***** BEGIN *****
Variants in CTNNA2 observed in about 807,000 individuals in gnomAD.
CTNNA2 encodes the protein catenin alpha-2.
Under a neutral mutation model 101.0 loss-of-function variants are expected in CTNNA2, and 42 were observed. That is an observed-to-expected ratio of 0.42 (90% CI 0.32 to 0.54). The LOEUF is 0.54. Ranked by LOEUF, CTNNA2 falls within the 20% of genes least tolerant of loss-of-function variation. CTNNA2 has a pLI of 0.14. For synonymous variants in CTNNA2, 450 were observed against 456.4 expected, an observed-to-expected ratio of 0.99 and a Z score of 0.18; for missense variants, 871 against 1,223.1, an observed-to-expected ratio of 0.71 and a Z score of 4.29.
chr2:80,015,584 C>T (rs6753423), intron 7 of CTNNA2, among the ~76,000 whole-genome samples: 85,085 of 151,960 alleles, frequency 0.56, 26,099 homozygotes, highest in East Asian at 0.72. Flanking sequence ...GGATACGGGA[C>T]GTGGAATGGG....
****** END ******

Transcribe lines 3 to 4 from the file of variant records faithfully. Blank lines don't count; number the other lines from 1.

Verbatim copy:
Under a neutral mutation model 101.0 loss-of-function variants are expected in CTNNA2, and 42 were observed. That is an observed-to-expected ratio of 0.42 (90% CI 0.32 to 0.54). The LOEUF is 0.54. Ranked by LOEUF, CTNNA2 falls within the 20% of genes least tolerant of loss-of-function variation. CTNNA2 has a pLI of 0.14. For synonymous variants in CTNNA2, 450 were observed against 456.4 expected, an observed-to-expected ratio of 0.99 and a Z score of 0.18; for missense variants, 871 against 1,223.1, an observed-to-expected ratio of 0.71 and a Z score of 4.29.
chr2:80,015,584 C>T (rs6753423), intron 7 of CTNNA2, among the ~76,000 whole-genome samples: 85,085 of 151,960 alleles, frequency 0.56, 26,099 homozygotes, highest in East Asian at 0.72. Flanking sequence ...GGATACGGGA[C>T]GTGGAATGGG....